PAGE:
Several Afghan asylum seekers on hunger strike in a Dublin cathedral have vowed to kill themselves if they are moved.
Some of the hunger striking asylum seekers
The men are said to have tied ropes around their necks and have threatened to jump from a high balcony.
Forty-one men moved into the organ loft at St Patrick's Cathedral on the sixth day of a campaign to stay in Ireland.
They have vowed to starve themselves to death unless they can stay in Ireland, claiming they fear being tortured in their homeland.
Police and negotiators have been trying to end the stand-off throughout the day.
"I understand that there are ropes tied around their necks in a dramatic fashion. I also understand that they have knives or they certainly claim to have knives," a Church of Ireland official told the AFP news agency.
Earlier, about 40 gardai blocked access to the cathedral from 0700 BST and up to 15 officers entered the building later.
One young person was taken from the cathedral to hospital in an ambulance.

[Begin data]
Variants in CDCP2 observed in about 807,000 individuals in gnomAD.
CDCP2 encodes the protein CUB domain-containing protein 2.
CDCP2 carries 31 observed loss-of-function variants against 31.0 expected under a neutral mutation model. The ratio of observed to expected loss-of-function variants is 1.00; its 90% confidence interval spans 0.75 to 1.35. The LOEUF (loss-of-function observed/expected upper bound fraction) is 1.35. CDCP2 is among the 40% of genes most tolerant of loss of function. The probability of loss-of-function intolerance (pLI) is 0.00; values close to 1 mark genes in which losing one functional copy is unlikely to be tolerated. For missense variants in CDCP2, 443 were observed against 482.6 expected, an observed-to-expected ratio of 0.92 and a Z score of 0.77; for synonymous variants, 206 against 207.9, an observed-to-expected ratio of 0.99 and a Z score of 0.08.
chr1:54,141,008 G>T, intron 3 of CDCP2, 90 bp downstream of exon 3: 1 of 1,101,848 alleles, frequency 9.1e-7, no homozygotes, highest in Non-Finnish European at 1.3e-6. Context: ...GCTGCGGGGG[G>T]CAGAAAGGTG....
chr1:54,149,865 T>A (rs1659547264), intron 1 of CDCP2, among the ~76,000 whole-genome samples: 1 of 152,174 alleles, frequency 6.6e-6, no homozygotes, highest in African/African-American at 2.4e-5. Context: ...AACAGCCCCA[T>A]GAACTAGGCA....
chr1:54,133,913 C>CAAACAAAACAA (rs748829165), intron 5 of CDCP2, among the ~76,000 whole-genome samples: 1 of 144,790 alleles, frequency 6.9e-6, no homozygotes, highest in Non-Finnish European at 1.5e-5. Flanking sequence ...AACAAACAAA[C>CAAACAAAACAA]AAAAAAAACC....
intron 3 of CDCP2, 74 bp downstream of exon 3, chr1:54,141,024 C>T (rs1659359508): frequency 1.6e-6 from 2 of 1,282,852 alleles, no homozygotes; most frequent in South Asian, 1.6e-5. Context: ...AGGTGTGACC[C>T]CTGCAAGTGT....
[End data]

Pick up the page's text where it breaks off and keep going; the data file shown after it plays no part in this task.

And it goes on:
Rosanna Flynn, of campaign group Residents Against Racism, claimed some of the children inside the cathedral had attempted suicide during Thursday night.
It is believed the authorities may seek a court order to have those under the age of 18 removed from the cathedral.
The Irish government is refusing to negotiate on the men's asylum claims.
The Afghans have said they will scrap their protest if an international body reviews their applications.
Supporters of the men have hung a banner on railings outside the cathedral, stating: "No-one is illegal."
The men began their protest on Sunday afternoon.
A number of the men were hospitalised earlier this week with one reported to be critically ill, suffering from severe dehydration.
The men, who were initially also on a thirst strike, agreed to drink some water after a meeting with government officials was granted.
Irish Justice Minister Michael McDowell urged the men to stop the protest but said he would not negotiate with them.
He said the men had not yet exhausted the asylum appeals process.
The Afghans say they are from a mixture of ethnic and political backgrounds and have denied that any of them were Taleban members.
Irish church leaders have urged the men to give up their hunger strike.